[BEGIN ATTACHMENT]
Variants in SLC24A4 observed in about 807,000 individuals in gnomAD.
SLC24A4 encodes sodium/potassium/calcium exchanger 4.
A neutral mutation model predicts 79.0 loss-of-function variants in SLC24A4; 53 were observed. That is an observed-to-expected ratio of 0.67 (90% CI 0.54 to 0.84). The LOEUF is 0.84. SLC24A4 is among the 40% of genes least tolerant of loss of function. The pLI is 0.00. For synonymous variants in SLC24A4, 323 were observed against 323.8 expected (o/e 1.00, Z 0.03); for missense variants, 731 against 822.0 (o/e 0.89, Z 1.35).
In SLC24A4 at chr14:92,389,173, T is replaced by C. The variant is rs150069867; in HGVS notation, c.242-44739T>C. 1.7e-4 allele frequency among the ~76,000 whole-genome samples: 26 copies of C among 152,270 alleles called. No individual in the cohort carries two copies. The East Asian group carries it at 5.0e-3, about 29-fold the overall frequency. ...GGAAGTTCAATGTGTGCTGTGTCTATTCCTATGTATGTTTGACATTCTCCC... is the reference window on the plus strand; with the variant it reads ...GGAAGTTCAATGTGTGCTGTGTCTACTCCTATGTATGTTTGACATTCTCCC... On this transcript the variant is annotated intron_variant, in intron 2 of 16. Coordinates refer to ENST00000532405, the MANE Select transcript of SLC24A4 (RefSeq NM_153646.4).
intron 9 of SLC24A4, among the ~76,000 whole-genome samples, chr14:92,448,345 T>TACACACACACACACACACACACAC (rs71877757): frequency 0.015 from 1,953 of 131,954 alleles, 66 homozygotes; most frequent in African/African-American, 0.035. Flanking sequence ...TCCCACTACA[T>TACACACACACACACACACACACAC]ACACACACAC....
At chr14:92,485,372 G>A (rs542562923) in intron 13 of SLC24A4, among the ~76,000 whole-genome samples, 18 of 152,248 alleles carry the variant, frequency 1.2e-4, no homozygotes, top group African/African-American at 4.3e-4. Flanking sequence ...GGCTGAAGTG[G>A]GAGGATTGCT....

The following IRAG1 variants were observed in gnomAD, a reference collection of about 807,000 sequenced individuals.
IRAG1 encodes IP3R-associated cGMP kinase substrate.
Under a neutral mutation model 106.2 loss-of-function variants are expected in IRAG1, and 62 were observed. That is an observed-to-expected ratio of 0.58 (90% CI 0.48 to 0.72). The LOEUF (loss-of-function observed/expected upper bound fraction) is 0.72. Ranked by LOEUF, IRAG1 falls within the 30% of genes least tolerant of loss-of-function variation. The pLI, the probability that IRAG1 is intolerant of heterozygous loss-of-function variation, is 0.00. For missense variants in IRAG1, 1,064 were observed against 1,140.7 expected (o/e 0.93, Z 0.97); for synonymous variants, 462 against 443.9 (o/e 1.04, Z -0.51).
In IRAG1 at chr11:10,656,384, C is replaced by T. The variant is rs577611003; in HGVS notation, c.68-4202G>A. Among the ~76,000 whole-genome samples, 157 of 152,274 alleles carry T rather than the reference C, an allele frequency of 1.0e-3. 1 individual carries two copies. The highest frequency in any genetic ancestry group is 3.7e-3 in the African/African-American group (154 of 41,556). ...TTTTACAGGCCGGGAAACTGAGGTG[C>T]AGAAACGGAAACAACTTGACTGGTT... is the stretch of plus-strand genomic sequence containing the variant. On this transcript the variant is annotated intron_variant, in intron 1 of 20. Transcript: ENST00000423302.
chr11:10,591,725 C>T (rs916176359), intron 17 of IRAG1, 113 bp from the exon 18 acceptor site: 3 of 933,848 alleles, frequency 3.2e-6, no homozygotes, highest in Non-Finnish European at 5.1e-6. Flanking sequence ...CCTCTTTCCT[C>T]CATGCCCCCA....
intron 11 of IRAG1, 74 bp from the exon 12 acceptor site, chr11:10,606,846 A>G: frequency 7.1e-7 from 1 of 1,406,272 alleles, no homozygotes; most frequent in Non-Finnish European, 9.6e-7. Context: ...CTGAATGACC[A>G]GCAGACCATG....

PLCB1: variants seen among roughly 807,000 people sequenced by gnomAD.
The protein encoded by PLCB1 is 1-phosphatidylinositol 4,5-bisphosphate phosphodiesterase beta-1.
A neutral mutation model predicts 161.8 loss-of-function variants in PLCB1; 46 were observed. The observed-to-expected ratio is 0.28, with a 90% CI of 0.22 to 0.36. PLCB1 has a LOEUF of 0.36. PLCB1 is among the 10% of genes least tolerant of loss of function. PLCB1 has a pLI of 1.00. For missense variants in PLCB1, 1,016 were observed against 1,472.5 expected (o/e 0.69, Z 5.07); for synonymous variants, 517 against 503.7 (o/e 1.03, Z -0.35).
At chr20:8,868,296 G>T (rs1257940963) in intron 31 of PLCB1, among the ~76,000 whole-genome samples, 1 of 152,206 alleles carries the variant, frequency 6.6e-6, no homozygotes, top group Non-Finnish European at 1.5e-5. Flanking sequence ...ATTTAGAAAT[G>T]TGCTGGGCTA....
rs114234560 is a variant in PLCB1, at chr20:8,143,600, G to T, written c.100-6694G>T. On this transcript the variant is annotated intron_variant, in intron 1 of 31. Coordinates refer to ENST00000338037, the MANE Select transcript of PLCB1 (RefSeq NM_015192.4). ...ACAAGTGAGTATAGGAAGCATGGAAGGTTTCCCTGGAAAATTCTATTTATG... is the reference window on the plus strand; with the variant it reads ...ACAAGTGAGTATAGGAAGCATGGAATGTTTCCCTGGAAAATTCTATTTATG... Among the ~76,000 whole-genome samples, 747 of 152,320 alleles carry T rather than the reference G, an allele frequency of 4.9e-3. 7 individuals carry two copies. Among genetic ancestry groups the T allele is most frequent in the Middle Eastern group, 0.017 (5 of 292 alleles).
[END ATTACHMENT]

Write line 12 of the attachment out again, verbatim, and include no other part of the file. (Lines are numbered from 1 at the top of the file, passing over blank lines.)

intron 11 of IRAG1, 74 bp from the exon 12 acceptor site, chr11:10,606,846 A>G: frequency 7.1e-7 from 1 of 1,406,272 alleles, no homozygotes; most frequent in Non-Finnish European, 9.6e-7. Context: ...CTGAATGACC[A>G]GCAGACCATG....